The Ninjabot

Categorized | Book Reviews, Featured, Reviews

“Osiris” – Can the future ever not be worse?

Posted on August 14, 2012 at 11:45 pm by GKDean

World building is perhaps one of the greatest elements of fantasy and sci-fi. It makes you go, oooooo! and whoooooa! and stupid sounds like that, usually in your mind, sometimes out loud. You love Arrakis, Middle-Earth, Star’s End, Menzoberranzan, and Westeros all because, in some way, you’re able to see it in the mind’s eye. The author did that good of a job.

At the same time, if you’ve ever read any Asimov books, or really any other sci-fi book, you’ll come to realize that we really do love detective stories. Someone is planning something, using something, and we have an entire book to find out who did it, to make sounds like “hmmmmmm,” or even better, like in Storm of Swords, you throw the damn book because you just cannot believe the nonsense.

Osiris by E.J. Swift has both of these elements, and uses them to confuse the hell out of you. The story starts with someone dying (possibly), and someone being drowned (definitely), but really in the end, the mystery for why those two things happened is just the superficial layer. It took me a while to figure out the crux of the book, and what it is is perhaps why I want to read the series. The promise of figuring out the next mystery is enticing.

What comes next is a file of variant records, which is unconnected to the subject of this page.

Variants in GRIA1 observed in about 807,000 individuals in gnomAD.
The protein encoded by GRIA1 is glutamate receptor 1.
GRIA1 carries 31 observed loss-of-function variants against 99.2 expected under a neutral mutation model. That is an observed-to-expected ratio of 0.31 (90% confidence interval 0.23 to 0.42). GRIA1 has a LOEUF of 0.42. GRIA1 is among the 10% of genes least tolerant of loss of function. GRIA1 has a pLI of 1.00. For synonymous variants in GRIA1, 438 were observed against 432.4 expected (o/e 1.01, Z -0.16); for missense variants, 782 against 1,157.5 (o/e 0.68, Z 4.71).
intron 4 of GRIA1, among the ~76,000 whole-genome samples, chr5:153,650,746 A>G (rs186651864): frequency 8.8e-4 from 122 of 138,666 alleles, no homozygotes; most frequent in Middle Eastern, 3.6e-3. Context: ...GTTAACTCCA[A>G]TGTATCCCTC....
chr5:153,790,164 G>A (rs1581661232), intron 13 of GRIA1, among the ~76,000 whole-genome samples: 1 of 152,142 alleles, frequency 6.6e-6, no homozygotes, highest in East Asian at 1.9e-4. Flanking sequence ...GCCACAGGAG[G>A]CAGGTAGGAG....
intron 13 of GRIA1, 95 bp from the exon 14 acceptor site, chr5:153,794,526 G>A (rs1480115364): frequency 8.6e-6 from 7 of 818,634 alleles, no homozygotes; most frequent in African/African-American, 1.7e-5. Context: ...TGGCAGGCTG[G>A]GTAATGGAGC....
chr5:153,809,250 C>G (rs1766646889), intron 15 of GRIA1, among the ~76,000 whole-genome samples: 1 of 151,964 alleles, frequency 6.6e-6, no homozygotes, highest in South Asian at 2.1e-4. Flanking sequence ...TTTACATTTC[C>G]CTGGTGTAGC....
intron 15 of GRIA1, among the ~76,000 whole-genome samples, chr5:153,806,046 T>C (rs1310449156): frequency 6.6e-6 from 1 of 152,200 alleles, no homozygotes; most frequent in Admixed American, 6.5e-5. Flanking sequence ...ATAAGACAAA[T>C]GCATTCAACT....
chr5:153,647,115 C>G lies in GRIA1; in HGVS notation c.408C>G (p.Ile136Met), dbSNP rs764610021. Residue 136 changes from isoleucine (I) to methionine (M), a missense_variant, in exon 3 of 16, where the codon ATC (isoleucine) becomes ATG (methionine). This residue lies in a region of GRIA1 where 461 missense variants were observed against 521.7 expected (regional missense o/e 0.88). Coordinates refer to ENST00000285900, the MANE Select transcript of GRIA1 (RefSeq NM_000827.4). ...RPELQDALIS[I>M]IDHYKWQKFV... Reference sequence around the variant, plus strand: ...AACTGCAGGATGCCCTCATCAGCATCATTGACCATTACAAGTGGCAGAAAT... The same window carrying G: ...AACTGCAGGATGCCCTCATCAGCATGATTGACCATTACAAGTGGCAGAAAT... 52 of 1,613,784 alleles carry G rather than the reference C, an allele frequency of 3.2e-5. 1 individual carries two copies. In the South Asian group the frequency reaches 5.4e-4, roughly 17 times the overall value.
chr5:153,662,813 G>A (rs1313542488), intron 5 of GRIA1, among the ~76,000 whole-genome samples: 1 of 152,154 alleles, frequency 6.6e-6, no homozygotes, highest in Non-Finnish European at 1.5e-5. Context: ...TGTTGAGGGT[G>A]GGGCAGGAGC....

Oooooo, oooooo, oooooooooo…

So to give the basics, Earth has gone along the routes of Water World with Osiris being the floating city a la SG: Atlantis, designed for the best and the brightest to survive.  The only problem, of course, is that after a few generations, humans are humans and everything has turned into Berlin before the wall came down (read: not fun). The city has devolved into the have and have-nots, with space being a premium.

Always the promise of utopia, always the reality of a dystopia.

The two main characters embody this, and rehash the archetype of rich and poor narratives working in conjunction to develop the mystery. The first—the rich girl—a socialite by the name of Adelaide Rechnov, embodies the entitled utopian ideal and the resulting corruption, or more appropriately stagnation, of Osiris. As for the pauper, Vikram Bai, he serves as the symbol of the social tensions of caged humans, a man who wants to help his ilk—the refugees of the ecological meltdown, the people who were not originally planned on but taken in for better, but definitely worse.

Swift does decent world-building in this aspect, with the world very similar to Israel and the Gaza Strip, a boundary of both culture, language, and death separating them. The plot itself is well-developed, and the two protagonists’ relationship I enjoyed because it is complicated, not at all healthy or quaint, which is right up my alley. It would not work otherwise, and I am always pleased to see variations on romantic themes since usually male writers tend to have men and women act like they’re in the 1950’s or high school.

It took me a while to write this review, and only in writing it did I realize why I liked the book. It’s subtle—very subtle. I was left wanting more, and that is a good thing. I actually bought the hard-back, and I am super cheap, usually going for the paperback versions of books.

So for the next book, there goes my $27.99 minus the 20% teacher discount.


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